University of Georgia Griffin Campus student Joshua Hamilton (center) is shown leading a group of high school students through a science experiment on the college campus. The high school students’ visit to campus helped Hamilton fulfill a new UGA service-learning requirement. UGA students must complete an activity, outside of the classroom, that helps someone in their community. Image Credit: Sharon Dowdy

A group of Griffin High School biology students visited the University of Georgia Griffin Campus last week to conduct a science experiment under the direction of college students. The UGA students were fulfilling their service learning component of their “Basic Skills in the Laboratory” class, taught by Margie Paz, a senior lecturer in the microbiology department of the UGA Franklin College of Arts and Sciences.

“Participating in this service-learning activity helped the college students meet the requirement of UGA’s new experiential learning initiative, which began this semester. Every UGA undergraduate student must now participate in a hands-on, learning opportunity outside of the classroom.

The GHS students who participated in the experiment are all currently enrolled in biology classes and were selected for the experience by their teachers. The high school students performed a genetic engineering experiment using green fluorescent protein (GFP) under the supervision of the UGA Griffin students. The experiment helped the GHS students understand the scientific process involved in the GFP gene’s expression, Paz said.

Kezhan Khazaw, the GHS teacher who accompanied the group, said the visit also exposed the high school students to equipment they don’t have access to at the local school. “By coming to the college campus, our students were able to practice the lab techniques they have been learning, like wearing the proper personal protective equipment, putting on safety goggles and following proper procedures,” she said.

Khazaw says that by performing a hands-on experiment, the high school students will better retain the knowledge. As studies have shown, “they are more relaxed and comfortable when learning from people closer to their age because it’s less intimidating.”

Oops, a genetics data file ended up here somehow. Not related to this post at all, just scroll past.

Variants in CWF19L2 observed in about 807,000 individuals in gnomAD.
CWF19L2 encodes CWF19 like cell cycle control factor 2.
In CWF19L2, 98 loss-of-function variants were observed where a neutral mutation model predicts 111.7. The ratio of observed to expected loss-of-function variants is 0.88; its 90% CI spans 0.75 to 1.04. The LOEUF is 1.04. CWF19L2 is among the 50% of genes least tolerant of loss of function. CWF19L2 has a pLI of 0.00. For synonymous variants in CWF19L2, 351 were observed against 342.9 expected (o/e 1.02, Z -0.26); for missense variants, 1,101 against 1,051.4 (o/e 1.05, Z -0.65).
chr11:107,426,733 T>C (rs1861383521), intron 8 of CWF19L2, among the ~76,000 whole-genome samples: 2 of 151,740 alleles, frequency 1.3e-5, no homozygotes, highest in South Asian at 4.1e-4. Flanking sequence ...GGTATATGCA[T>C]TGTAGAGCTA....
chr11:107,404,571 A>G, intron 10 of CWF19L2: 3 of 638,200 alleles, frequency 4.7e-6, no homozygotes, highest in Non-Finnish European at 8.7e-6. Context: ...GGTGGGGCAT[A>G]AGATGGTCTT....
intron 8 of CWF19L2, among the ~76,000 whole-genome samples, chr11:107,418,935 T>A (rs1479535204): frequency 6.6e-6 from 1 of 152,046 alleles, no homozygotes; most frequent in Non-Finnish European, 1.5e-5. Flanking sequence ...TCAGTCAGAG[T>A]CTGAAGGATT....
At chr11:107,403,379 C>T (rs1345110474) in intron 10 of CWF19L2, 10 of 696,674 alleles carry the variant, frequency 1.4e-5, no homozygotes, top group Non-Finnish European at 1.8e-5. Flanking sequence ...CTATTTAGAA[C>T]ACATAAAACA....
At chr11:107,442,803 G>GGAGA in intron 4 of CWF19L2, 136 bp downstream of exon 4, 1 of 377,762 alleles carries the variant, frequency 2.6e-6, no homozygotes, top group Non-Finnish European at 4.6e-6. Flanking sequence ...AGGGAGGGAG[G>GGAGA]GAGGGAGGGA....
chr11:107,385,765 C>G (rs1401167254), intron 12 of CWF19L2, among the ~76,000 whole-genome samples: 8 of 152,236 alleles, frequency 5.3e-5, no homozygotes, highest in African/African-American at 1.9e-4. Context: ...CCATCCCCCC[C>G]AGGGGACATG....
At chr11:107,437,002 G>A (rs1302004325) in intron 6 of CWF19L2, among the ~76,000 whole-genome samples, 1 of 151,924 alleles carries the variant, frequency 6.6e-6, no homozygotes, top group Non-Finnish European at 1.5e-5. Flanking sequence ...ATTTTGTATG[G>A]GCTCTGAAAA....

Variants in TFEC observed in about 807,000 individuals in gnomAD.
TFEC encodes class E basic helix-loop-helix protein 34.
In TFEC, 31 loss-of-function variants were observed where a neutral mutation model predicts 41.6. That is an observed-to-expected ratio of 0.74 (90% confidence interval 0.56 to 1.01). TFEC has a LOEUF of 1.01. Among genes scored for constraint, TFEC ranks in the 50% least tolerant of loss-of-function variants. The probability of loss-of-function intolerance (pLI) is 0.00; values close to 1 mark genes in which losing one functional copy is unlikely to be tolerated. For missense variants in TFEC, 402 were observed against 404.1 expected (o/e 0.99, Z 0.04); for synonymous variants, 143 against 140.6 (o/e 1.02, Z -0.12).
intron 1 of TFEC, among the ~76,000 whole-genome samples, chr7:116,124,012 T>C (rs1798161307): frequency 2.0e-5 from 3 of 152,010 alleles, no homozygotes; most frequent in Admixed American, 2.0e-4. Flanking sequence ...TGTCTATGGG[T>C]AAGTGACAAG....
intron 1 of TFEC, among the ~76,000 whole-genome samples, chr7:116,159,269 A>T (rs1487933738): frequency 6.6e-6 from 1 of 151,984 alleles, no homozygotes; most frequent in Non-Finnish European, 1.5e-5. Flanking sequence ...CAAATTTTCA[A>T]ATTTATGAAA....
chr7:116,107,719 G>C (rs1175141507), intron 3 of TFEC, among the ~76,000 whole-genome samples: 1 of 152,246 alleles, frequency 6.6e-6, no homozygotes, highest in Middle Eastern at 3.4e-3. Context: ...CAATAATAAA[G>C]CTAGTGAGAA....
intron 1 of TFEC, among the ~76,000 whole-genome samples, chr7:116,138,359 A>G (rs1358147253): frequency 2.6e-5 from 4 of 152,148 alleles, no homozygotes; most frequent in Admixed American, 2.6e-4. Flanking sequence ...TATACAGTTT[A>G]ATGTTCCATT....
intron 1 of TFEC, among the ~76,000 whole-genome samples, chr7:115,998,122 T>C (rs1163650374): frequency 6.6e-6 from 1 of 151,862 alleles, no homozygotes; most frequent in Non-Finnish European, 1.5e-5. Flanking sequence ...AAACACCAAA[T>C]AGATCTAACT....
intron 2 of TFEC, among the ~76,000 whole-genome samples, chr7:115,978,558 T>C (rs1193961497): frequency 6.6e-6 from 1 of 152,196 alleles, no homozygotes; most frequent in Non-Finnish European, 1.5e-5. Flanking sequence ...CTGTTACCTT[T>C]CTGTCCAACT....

While leading the high school students through the experiment, the college students talked with their younger counterparts about the experiment and topics ranging from sports to the college experience.

“This is my favorite lab,” said Hunter Donahue, a biological science major, speaking to students at her lab table.

“Toward the end of this, you’ll see the colonies glow,” said Katy Dawsey, also a UGA biological science major.

At another lab table, UGA microbiology major J’Lynn Lewis and environmental resource science major Yancey Barton fielded questions about the costs of college.

“This is pretty exciting. I’ve driven by (UGA Griffin) lots of times with my parents, but I’ve never actually been on campus until today,” said Gladys Partida, 14.

“I’ve never done anything like this before. We’re doing the things we already knew about, but we’re doing it hands-on, and Josh really broke it down where it was easy to understand,” said Leslie Caraway, 14, of her student leader Joshua Hamilton, a microbiology major, while streaking nonpathogenic E. coli, transformed with the GFP gene, on a petri dish.

Service-learning is the application of academic skills and knowledge to address a community need, issue or problem and to enhance student learning. By participating in service-learning activities, the UGA Griffin Campus students integrate two core aspects of UGA’s mission — teaching and service.

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